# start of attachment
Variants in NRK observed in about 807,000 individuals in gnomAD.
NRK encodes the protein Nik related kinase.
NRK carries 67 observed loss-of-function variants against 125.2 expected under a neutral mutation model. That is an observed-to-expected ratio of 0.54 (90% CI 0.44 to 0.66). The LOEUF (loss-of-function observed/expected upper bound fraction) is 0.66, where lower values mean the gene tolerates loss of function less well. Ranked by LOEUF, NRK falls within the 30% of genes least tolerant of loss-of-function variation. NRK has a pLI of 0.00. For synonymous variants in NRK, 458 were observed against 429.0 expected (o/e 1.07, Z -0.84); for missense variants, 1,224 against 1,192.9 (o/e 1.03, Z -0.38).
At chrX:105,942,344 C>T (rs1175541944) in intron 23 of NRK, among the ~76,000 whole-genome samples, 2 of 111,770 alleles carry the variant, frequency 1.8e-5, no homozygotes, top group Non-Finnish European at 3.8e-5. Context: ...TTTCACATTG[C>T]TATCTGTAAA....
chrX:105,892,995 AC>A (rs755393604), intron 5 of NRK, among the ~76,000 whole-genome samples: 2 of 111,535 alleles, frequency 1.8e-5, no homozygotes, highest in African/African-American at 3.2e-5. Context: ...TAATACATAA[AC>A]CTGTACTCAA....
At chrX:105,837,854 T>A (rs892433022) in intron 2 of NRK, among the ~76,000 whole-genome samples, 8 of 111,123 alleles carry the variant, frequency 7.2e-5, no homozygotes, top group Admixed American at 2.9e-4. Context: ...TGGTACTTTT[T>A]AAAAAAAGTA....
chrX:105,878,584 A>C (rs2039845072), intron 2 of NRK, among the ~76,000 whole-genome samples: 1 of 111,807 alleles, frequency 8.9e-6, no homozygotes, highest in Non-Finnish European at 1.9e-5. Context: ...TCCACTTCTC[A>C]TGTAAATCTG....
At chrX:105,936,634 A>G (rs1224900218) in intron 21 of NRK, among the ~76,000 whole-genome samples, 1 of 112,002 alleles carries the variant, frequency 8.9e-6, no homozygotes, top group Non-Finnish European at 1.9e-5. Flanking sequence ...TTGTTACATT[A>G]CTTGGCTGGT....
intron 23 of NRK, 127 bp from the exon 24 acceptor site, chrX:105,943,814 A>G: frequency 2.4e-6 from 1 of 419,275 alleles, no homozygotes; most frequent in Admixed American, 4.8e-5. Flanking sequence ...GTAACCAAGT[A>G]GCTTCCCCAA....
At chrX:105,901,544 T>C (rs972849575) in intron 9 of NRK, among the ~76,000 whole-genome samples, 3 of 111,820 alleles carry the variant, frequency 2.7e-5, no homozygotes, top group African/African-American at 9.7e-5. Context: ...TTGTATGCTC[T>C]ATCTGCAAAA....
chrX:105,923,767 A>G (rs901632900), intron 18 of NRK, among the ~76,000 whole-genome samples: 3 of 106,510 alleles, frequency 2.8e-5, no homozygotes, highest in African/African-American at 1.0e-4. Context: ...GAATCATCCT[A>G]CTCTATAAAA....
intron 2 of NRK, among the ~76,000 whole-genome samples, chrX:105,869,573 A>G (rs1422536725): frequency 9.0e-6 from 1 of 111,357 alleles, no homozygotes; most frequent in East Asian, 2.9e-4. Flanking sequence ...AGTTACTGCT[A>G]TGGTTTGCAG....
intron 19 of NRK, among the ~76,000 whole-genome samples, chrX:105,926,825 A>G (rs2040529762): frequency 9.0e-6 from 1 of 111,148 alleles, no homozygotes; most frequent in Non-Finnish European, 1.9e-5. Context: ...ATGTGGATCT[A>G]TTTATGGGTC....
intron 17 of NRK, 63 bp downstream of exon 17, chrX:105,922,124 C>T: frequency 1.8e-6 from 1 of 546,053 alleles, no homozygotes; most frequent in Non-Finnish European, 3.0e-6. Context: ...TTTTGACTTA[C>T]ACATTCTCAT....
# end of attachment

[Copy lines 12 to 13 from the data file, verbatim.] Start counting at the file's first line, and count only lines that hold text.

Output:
intron 2 of NRK, among the ~76,000 whole-genome samples, chrX:105,869,573 A>G (rs1422536725): frequency 9.0e-6 from 1 of 111,357 alleles, no homozygotes; most frequent in East Asian, 2.9e-4. Flanking sequence ...AGTTACTGCT[A>G]TGGTTTGCAG....
intron 19 of NRK, among the ~76,000 whole-genome samples, chrX:105,926,825 A>G (rs2040529762): frequency 9.0e-6 from 1 of 111,148 alleles, no homozygotes; most frequent in Non-Finnish European, 1.9e-5. Context: ...ATGTGGATCT[A>G]TTTATGGGTC....